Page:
5.3 Once you’ve transferred the assets and activities across to the new club you should write to HMRC providing:
- 3 months bank statements in the new company’s name
- details of the date the assets and activities were transferred across to the new company
5.4 If the new company doesn’t meet the conditions for the scheme then HMRC cannot register the new company as a CASC.
6. Once you’ve transferred the assets and activities to the new company
6.1 You should tell HMRC when the assets and activities of the unincorporated club have been transferred to the new company. HMRC will then deregister the unincorporated association from the scheme and register the new company if it is satisfied that it qualifies as a CASC.
6.2 If you’ve not already done so you need to send in a CASC application form for the new company. You’ll also need to provide evidence that the assets and activities of the unincorporated club are now part of this new company. When you submit an application for the new company you’ll need to provide:
- 3 months bank statements in the new company’s name
- the last set of financial accounts for the old unincorporated association and the CASC reference for this former unincorporated association
- an opening statement of affairs of the new company detailing the assets and liabilities
- the governing document (memorandum and articles of association) for the new company
- a completed CASC application form
- the minutes of the meeting where the members voted on decision to incorporate
6.3 When the assets of an unincorporated club are transferred to a new company that will carry on the sporting activities of the original club then Capital Gains Tax will not be due. When the transfer of assets from a club to a company meets the conditions within sections 136 and 139 TCGA 1992 then no gain or loss will accrue and the new company will acquire the assets at the historic base cost on the date the assets are transferred.
6.4 A clearance request to HMRC is not needed when an unincorporated club decides to set to set up a new company that will carry on the sporting activities of the original club.
7. Checklist for incorporating a CASC
7.1 If you decide to incorporate your club you should follow the steps below:
- Review the new rules for CASCs introduced in 2015. You need to consider whether your current club is still CASC compliant. You should also consider whether the new company will be suitable under these new rules.
- Seek professional advice if you are unsure.
- Consider speaking to your sport’s national governing body.
- Decide on the type of company that you want to set up – eg limited by guarantee or limited by shares.
- Consider whether it would be appropriate to set up a trading subsidiary.
- Register the company with Companies House making sure you have a CASC compliant memorandum and articles of association.
- Send in CASC application form with supporting documents to check with HMRC that the new company is suitable for CASC status (this is an optional checking service provided by HMRC).
If your club is no longer suitable for CASC status under the rules introduced in 2015 you’ll need to contact HMRC. Some clubs that deregister will have to pay a deregistration charge based on the value of the club’s chargeable assets for capital gains purposes. HMRC can advise you whether or not this charge applies.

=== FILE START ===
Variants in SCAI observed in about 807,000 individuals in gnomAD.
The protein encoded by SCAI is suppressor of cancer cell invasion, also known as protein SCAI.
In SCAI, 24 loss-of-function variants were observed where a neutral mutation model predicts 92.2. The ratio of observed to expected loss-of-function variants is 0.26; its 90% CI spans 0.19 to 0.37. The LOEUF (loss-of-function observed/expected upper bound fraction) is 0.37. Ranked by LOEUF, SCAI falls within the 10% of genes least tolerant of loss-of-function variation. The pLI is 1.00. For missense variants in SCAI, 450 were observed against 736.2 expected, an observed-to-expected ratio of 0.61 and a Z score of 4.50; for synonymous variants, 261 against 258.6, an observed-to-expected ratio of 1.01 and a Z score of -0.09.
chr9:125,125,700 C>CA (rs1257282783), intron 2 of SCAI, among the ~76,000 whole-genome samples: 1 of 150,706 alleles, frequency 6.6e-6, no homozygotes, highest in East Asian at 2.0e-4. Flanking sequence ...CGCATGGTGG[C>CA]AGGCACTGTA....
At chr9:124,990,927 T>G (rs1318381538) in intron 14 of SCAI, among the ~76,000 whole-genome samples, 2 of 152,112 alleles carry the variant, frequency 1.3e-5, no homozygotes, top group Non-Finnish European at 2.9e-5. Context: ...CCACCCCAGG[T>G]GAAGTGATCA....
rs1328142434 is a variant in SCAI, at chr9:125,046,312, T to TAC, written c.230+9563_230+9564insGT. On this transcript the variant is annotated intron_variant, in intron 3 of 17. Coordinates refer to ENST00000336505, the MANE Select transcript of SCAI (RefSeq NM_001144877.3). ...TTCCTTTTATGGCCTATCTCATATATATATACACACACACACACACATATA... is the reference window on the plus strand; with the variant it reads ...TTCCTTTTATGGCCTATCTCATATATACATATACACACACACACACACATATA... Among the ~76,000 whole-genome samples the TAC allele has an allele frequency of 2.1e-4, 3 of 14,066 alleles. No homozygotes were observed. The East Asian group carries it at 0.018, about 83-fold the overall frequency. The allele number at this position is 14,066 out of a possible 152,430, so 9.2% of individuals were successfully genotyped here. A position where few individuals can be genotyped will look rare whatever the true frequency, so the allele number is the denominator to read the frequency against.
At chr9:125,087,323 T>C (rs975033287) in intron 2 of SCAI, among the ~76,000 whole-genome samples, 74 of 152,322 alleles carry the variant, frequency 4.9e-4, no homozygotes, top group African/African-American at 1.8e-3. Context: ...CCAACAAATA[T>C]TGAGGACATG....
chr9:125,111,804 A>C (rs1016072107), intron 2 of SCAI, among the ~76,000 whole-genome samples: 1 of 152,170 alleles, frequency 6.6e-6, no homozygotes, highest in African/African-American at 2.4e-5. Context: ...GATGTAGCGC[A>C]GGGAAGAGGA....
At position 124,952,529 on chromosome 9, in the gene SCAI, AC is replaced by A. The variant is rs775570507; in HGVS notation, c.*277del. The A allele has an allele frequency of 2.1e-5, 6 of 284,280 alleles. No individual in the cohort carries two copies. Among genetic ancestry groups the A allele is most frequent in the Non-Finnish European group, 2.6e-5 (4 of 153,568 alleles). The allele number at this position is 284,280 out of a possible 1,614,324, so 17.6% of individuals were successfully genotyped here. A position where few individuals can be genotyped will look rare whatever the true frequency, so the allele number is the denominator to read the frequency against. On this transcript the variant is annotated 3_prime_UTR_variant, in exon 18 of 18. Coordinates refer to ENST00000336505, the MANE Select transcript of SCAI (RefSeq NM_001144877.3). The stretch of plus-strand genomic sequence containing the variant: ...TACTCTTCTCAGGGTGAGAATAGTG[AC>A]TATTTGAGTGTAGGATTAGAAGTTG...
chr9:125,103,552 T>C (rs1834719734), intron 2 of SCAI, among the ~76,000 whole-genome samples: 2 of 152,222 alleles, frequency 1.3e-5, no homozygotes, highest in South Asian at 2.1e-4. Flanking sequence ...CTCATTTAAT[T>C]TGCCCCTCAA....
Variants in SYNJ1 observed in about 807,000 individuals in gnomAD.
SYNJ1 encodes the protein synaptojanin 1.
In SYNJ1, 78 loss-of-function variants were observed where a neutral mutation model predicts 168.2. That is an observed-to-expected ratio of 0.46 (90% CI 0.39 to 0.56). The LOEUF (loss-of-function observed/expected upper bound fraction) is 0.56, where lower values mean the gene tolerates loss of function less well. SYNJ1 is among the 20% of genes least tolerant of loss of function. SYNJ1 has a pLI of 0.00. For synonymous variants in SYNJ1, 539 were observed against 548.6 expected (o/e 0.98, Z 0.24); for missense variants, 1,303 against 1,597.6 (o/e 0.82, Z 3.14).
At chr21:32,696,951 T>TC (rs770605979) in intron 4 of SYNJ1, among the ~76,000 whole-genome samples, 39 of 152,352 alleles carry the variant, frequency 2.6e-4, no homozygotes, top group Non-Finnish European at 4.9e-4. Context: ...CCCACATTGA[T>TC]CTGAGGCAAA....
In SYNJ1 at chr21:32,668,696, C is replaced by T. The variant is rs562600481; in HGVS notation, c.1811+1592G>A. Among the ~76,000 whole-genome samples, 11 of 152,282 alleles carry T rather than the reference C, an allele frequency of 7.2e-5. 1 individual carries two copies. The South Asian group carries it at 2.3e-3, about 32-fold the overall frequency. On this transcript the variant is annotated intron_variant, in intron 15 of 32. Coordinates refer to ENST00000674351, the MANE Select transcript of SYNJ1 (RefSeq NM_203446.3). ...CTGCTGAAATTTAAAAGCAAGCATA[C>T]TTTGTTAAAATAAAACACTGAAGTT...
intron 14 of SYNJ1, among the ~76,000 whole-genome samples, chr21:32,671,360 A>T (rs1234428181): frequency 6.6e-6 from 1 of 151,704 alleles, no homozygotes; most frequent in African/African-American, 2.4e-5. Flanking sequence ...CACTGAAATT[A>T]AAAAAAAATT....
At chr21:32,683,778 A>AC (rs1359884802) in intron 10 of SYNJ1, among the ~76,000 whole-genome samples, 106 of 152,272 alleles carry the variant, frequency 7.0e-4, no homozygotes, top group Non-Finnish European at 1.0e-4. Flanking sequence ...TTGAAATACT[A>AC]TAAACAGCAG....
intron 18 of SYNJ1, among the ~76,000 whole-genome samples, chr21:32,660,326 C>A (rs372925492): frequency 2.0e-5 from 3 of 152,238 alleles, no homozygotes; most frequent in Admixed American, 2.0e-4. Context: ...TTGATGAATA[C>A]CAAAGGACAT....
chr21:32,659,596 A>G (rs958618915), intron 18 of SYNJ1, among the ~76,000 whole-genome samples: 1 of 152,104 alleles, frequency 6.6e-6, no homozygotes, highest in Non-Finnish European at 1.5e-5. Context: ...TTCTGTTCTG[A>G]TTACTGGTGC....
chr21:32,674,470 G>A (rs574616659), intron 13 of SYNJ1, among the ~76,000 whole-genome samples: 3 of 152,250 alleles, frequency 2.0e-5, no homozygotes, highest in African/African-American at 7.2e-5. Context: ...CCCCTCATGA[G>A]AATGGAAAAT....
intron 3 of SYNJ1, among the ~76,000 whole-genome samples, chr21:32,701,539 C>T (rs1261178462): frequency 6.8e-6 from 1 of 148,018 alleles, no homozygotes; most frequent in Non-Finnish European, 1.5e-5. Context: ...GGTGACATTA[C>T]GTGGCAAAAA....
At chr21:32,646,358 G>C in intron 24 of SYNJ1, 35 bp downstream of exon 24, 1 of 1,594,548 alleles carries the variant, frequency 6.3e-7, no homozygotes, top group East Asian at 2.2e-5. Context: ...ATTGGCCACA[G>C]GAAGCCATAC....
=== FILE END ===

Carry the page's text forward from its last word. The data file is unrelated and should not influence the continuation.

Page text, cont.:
When HMRC agrees suitability
- Make any necessary changes to the memorandum and articles and/or to the new company’s structure or operations.
- Transfer assets and activities from the old club to the new company after dealing with any outstanding tax matters e.g. filing final Gift Aid claims and CT returns with HMRC.
- Tell HMRC that the old unincorporated association no longer exists.
- If you have not already sent in an application you’ll now need to submit a CASC application form for the new company.
8. New Gift Aid declarations
8.1 Any Gift Aid declarations that have been signed by donors to the unincorporated association will not be valid if the new company makes a claim for Gift Aid. If the new company is successfully registered with HMRC then it should obtain new declarations from donors before making any Gift Aid claims.
9. Trading subsidiary
9.1 One of the things you should consider when incorporating is whether to set up a trading subsidiary. A trading subsidiary is usually a company that’s owned and controlled by the CASC and will carry out any non-sporting or non-member trading activity.
9.2 Some clubs will be required to set up a trading subsidiary if they wish to remain in the CASC scheme following the introduction of the new £100,000 income condition. Smaller clubs may also want to consider a trading subsidiary as this may be more flexible.
9.3 Trading subsidiaries are subject to corporation tax on any profits they make. However, relief from corporation tax can be given if the trading subsidiary donates its profits to a registered CASC or charity. This relief is given under ‘Company Gift Aid’. Usually HMRC would expect a trading subsidiary of a CASC to donate its profits back to the parent CASC.
10. Other taxes
10.1 There are other taxes to consider such as Stamp Duty Land Tax if the club has an interest in land, PAYE and VAT. The appropriate HMRC office should be notified of the incorporation if the club is registered for VAT or has a PAYE scheme.
10.2 If the company is not VAT registered but has or is going to have a turnover of more than £81,000 a year, you should also register with HMRC for VAT. Unlike for charities there are no specific VAT reliefs for CASCs.